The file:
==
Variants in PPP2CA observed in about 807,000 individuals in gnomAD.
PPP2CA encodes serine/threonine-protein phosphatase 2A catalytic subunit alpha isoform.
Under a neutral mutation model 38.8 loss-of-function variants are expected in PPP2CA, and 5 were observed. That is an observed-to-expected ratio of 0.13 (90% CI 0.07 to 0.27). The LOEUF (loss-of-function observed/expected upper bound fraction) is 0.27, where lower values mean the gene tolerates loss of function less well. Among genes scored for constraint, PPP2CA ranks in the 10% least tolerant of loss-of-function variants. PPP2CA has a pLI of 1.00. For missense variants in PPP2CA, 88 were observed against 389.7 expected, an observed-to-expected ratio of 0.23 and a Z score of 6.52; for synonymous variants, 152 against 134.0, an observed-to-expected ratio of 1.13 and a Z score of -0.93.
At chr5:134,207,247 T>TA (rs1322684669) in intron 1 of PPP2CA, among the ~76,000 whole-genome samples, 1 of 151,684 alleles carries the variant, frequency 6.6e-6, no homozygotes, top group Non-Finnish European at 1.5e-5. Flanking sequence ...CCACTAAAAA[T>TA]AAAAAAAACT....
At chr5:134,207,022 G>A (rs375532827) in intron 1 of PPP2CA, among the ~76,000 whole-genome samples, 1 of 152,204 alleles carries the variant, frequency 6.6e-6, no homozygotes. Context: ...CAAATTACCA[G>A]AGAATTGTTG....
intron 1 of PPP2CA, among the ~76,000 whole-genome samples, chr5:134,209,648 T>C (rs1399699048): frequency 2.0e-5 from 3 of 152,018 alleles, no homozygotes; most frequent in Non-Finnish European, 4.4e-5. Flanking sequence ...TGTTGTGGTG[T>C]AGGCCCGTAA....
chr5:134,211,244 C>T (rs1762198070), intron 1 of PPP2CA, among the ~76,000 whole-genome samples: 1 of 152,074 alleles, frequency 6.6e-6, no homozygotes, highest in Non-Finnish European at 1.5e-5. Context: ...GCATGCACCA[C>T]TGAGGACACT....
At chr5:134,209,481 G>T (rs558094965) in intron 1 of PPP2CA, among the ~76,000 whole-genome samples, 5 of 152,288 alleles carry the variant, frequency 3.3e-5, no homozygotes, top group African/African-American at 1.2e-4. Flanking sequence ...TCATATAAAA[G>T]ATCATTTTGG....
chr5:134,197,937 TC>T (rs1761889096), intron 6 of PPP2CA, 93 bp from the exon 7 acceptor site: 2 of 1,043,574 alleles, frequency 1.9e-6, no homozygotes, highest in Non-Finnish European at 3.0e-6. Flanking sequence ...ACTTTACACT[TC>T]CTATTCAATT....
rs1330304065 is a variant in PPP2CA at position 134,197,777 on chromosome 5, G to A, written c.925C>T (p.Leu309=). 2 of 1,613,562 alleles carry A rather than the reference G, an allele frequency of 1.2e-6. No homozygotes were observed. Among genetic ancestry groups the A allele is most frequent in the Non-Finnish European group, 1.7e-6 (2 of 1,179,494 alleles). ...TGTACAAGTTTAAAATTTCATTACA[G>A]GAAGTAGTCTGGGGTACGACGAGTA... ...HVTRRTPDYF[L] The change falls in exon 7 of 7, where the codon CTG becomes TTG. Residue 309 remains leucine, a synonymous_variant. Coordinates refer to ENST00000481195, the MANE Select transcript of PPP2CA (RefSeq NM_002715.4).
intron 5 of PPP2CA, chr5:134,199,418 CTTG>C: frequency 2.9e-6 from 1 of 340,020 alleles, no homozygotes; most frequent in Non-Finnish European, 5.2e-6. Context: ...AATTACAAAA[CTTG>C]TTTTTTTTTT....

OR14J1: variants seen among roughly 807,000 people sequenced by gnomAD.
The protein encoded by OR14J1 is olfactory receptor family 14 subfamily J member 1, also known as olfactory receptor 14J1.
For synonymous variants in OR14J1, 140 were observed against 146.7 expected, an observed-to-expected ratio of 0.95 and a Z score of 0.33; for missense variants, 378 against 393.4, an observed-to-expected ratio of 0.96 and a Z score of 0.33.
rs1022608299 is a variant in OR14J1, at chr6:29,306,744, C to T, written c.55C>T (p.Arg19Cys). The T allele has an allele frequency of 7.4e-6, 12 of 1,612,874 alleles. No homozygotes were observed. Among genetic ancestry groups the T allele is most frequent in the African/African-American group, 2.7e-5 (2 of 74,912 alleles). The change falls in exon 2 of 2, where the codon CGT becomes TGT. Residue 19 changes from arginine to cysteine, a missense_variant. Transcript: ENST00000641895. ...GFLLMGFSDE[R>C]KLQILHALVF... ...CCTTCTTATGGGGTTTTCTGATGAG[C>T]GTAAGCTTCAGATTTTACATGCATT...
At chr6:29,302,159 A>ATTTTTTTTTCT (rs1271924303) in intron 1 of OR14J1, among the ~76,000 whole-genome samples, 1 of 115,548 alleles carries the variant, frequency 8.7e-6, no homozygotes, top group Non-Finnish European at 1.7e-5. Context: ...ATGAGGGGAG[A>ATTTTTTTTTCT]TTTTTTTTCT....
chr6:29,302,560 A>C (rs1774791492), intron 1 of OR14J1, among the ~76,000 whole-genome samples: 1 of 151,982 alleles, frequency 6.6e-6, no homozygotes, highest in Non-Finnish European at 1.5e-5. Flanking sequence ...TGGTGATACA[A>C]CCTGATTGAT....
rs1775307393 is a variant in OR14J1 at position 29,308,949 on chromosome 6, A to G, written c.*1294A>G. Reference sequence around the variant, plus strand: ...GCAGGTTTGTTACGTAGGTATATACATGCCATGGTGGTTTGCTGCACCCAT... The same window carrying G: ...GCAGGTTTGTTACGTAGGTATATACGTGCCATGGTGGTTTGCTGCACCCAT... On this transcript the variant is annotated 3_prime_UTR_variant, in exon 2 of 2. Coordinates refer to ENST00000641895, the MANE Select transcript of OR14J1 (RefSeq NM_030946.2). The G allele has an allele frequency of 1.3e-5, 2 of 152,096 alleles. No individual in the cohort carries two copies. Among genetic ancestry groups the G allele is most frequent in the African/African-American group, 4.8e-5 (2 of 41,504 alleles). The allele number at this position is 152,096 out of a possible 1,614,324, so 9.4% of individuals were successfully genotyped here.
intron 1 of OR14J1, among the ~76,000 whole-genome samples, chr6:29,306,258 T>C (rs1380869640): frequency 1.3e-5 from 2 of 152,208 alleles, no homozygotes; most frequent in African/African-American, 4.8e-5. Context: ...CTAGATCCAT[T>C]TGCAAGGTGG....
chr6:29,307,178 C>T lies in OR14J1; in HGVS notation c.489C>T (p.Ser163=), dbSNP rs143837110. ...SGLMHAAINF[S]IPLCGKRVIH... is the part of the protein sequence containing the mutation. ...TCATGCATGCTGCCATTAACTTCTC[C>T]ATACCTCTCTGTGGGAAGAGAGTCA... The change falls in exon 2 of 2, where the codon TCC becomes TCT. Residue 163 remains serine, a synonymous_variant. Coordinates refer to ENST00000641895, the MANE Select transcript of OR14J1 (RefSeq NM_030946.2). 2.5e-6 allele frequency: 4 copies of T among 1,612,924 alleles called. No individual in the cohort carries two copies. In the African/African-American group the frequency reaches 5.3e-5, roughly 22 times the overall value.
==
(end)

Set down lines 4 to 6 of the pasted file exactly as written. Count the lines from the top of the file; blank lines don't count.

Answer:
At chr5:134,207,247 T>TA (rs1322684669) in intron 1 of PPP2CA, among the ~76,000 whole-genome samples, 1 of 151,684 alleles carries the variant, frequency 6.6e-6, no homozygotes, top group Non-Finnish European at 1.5e-5. Flanking sequence ...CCACTAAAAA[T>TA]AAAAAAAACT....
At chr5:134,207,022 G>A (rs375532827) in intron 1 of PPP2CA, among the ~76,000 whole-genome samples, 1 of 152,204 alleles carries the variant, frequency 6.6e-6, no homozygotes. Context: ...CAAATTACCA[G>A]AGAATTGTTG....
intron 1 of PPP2CA, among the ~76,000 whole-genome samples, chr5:134,209,648 T>C (rs1399699048): frequency 2.0e-5 from 3 of 152,018 alleles, no homozygotes; most frequent in Non-Finnish European, 4.4e-5. Flanking sequence ...TGTTGTGGTG[T>C]AGGCCCGTAA....